He followed that up with 13.5 sacks in season No. 2, finishing second in the NFL's Defensive Player of the Year voting behind only Pittsburgh Steelers safety Troy Polamalu. At that point, the sky seemed to be the limit for Matthews.
With a relatively meager pass-rush production of only six sacks in 2011, Matthews came crashing back to earth. For the most part, few believe Matthews was any less of a player, however.
People point to the lack of any other pass rush threat and the ability of teams to focus on Matthews, to double- and even triple-team him.
The Packers did their best in the offseason to ramp up their pass rush efforts by spending their first-round draft choice on outside linebacker Nick Perry; indeed their first six draft choices were all on the defensive side of the football. They also signed three free agent defensive linemen.
By virtue of pressure coming from other places on the field, that will allow Matthews to become the sack artist fans have come to expect. He will easily get back to the realm of a dozen sacks again.
Beyond just the sacks, Matthews is also coming into his own in all other phases of the game, particularly pass coverage where he had three interceptions last season.
The ability to come up with impact plays like sacks, interceptions as well as forced fumbles will allow Matthews to have the biggest impact on the Packers defense in 2012.
Defensive Rookie of the Year: Nick Perry
Nick Perry will receive stiff competition from Jerel Worthy, but the outside linebacker will become the team's Defensive Rookie of the Year.
The edge goes to Perry who was inserted into the starting lineup from Day 1 in Green Bay and is expected to play all three downs.
Comparatively, Worthy has been working with the Packers' first-string nickel defense during their offseason program but not their base defense.
Perry has the opportunity to impact the game on a down-in, down-out basis and will have responsibilities ranging from defending the run to rushing the passer to dropping into coverage.
Figures like head coach Mike McCarthy and defensive coordinator Dom Capers will play a big role in Perry's development, but an even bigger role may be played by two people with lesser titles, outside linebackers coach Kevin Greene and teammate Clay Matthews.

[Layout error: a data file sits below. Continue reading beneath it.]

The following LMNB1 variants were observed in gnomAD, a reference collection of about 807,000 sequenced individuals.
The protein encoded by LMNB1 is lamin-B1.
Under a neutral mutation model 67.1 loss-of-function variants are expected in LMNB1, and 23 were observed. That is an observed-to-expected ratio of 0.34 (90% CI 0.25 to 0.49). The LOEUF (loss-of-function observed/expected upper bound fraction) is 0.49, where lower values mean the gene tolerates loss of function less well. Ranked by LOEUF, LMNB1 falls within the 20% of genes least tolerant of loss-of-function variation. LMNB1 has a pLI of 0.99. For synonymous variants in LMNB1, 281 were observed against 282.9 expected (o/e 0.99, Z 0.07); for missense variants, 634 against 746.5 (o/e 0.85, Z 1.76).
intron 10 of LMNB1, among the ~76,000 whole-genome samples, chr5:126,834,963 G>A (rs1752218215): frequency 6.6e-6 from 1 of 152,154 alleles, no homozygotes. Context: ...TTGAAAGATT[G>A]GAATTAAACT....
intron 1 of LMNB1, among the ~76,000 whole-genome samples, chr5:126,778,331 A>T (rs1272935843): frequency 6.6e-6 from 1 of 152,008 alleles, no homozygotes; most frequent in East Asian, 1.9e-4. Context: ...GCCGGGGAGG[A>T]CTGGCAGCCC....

As his position coach, Greene is tasked with helping Perry transition from college defensive end to professional outside linebacker and the multiple responsibilities that come with it.
Matthews, meanwhile, will need to take Perry under his wing, show him the tricks of the trade and be a mentor to his young running mate. It helps that the two have a prior history as teammates for one year at USC.
With the help of some good coaching, Perry will take some pressure off of Matthews and become a terror in his own right as well.
Offensive Rookie of the Year: Andrew Datko
If you were going to count first-year players in the running for Rookie of the Year, wide receivers Tori Gurley and Diondre Borel would receive serious consideration.
But strictly among the player classified as rookies, the Packers have few candidates. After all, their first six draft choices this year were all on the defensive side of the football.
B.J. Coleman, Marc Tyler and Tommie Draheim are all candidates to be the Packers' top offensive rookie, but none of them are guaranteed of so much as a roster spot.
Neither is Andrew Datko, but he might stand the best chance of seeing the football field his first year as a professional.
Some have suggested that had Datko not been slowed by shoulder injuries throughout his college career, he would have been a much higher draft choice.
As it stands, Datko is blocked from a bigger role by veteran tackles like Bryan Bulaga, Marshall Newhouse and Derek Sherrod, but he has an opportunity to make the 53-man roster, especially if Sherrod hasn't recovered from his broken leg sustained last year.
Datko's only playing time might come as a reserve in 2012, but his best days are ahead of him.